On Osama Bin Laden: The Guardian examined documents that allegedly link bin Laden to several incidents between 2004 and 2009.

- Osama Bin Laden reported to have issued orders to suicide bombers in Afghanistan
- Afghanistan war logs: Bin Laden instigates suicide attack against Afghan President Hamid Karzai, according to U.S. report

On civilian casualties: Many of the documents deal with civilian casualties, whether from air strikes, at roadblocks or in other circumstances.

-Special forces wound two, kill six, including young girl, plus donkey and chickens

On Pakistan ties: Several documents that The Guardian highlights indicate the fingerprints of Pakistan's ISI spy agency on some Taliban activity.

-Pakistan's spies accused of arming Taliban ally with motorbikes for suicide attacks


The Times redacted material it felt would reveal suspects' identities, to protect “people in danger,” or that would “reveal key tactical military capabilities.” The Times links to an explanation of its redactions.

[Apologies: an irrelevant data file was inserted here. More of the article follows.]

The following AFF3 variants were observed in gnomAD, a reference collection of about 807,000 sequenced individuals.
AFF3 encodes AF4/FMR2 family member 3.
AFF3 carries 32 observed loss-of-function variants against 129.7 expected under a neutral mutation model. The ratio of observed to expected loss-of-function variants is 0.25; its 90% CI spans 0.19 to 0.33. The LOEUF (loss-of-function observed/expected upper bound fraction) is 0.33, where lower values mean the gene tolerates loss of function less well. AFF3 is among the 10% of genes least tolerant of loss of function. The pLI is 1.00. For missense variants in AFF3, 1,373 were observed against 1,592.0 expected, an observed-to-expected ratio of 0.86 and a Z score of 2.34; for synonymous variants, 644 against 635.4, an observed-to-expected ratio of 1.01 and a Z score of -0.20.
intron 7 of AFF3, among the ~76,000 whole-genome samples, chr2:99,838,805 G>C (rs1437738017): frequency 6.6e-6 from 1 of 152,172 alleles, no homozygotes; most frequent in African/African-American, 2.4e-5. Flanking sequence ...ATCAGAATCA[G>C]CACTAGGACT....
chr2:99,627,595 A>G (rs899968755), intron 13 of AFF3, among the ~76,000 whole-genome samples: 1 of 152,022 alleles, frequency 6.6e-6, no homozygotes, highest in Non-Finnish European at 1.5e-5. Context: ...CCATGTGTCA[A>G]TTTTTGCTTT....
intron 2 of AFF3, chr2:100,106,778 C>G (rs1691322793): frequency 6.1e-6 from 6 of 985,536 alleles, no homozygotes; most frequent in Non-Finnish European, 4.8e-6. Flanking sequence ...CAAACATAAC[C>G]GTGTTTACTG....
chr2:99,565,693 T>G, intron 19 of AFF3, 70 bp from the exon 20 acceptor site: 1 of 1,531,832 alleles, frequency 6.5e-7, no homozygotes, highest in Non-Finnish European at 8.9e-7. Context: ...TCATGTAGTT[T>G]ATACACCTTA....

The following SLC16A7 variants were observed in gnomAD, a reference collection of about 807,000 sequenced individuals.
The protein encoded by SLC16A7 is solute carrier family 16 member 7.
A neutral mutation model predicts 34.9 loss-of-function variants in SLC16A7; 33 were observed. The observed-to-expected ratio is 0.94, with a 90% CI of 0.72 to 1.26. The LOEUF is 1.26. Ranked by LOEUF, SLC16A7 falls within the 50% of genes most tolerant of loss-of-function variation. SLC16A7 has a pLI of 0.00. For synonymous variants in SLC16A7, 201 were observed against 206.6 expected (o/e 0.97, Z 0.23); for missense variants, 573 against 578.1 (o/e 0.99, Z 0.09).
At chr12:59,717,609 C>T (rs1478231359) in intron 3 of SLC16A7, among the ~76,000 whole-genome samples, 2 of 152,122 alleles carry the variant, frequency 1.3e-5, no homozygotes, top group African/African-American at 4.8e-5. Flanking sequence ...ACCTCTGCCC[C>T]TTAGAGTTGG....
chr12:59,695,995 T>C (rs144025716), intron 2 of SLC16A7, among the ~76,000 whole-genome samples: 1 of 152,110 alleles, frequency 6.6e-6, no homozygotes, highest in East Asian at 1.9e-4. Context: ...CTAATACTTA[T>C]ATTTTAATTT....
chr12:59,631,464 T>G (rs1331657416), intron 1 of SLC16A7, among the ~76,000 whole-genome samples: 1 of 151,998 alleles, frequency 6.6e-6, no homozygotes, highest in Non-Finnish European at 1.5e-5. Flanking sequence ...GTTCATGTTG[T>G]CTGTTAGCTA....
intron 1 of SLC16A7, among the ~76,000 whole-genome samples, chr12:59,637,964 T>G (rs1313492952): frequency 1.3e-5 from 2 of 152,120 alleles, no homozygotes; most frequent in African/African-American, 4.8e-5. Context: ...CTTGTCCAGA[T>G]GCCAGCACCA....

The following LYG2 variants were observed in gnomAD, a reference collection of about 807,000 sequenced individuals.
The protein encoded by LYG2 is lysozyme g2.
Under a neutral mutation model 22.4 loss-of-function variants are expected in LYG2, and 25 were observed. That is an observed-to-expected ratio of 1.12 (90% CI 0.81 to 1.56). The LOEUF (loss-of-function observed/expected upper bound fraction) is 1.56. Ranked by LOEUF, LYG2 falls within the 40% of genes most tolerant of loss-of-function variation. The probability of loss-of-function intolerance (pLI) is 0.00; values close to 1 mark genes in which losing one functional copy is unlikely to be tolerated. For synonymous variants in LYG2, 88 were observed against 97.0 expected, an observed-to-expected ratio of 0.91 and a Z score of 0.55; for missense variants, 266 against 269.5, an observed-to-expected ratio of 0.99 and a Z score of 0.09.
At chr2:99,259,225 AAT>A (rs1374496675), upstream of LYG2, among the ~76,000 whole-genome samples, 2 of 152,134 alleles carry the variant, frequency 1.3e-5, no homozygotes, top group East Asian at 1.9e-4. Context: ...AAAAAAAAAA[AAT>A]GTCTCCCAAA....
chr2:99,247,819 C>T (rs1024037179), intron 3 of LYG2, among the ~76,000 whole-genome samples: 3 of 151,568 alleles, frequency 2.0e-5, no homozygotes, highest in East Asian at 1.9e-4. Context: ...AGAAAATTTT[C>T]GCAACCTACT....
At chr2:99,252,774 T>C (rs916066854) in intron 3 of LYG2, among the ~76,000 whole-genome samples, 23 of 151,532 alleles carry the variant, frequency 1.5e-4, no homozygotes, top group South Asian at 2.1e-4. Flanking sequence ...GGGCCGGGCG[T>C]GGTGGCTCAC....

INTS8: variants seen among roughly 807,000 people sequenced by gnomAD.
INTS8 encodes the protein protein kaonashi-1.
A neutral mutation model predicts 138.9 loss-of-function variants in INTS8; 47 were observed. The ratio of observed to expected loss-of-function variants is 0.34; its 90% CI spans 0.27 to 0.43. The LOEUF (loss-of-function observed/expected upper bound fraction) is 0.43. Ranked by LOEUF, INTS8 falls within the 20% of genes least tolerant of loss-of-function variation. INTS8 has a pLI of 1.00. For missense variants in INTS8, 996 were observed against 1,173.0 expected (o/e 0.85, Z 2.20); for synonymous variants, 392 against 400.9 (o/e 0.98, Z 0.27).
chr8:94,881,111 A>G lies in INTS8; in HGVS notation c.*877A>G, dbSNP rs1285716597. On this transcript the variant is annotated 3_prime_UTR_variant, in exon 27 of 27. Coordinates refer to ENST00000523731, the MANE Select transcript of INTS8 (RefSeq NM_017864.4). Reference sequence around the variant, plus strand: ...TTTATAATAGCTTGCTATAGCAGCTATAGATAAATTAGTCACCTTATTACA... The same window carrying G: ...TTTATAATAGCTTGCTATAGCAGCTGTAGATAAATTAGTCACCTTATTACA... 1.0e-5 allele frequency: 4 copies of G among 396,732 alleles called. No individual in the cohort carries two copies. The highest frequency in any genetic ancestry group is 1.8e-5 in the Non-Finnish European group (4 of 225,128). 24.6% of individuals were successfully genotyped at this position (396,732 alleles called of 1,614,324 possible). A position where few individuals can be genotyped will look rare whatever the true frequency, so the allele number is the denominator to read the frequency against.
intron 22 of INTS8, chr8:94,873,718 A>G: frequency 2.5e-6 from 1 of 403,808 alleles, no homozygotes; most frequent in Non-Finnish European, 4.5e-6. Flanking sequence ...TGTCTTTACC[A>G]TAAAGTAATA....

On Pakistan: The Times reports on documents that show Pakistan allows representatives of its secret service to meet directly with members of the Taliban in strategy meetings to organize militants to fight against Americans in Afghanistan. Plots to assassinate Afghan leaders have been discussed in these meetings, according to the documents.

- Pakistan Aids insurgency in Afghanistan, reports assert

On how the war is going: The Times reports a "ground-level picture of the war in Afghanistan that is in many respects more grim than the official portrayals."

- View is bleaker than official portrayal of war in Afghanistan

On fighting the insurgency: The Times tells the story of U.S. Outpost Combat Keating, opened in 2006 in the Kamdesh district of Nuristan Province to fight the insurgency. The Times reports that leaked documents show three years of frustration within the outpost including low troop levels, unreliable Afghan partners, and an insurgency that has “grown in skill, determination and its ability to menace.”

- Strategic plans spawned bitter end for lonely outpost

On tactics insurgents use to attack: The leaked reports repeatedly describe differing tactics insurgents used against U.S. and NATO troops during the war

- Insurgents seen wearing government uniforms, and other times when they have roamed the country or appeared for a fight in the same Ford Ranger pickup trucks that the United States had provided the Afghan Army and police force. The trucks are described in this Nov. 2006 document.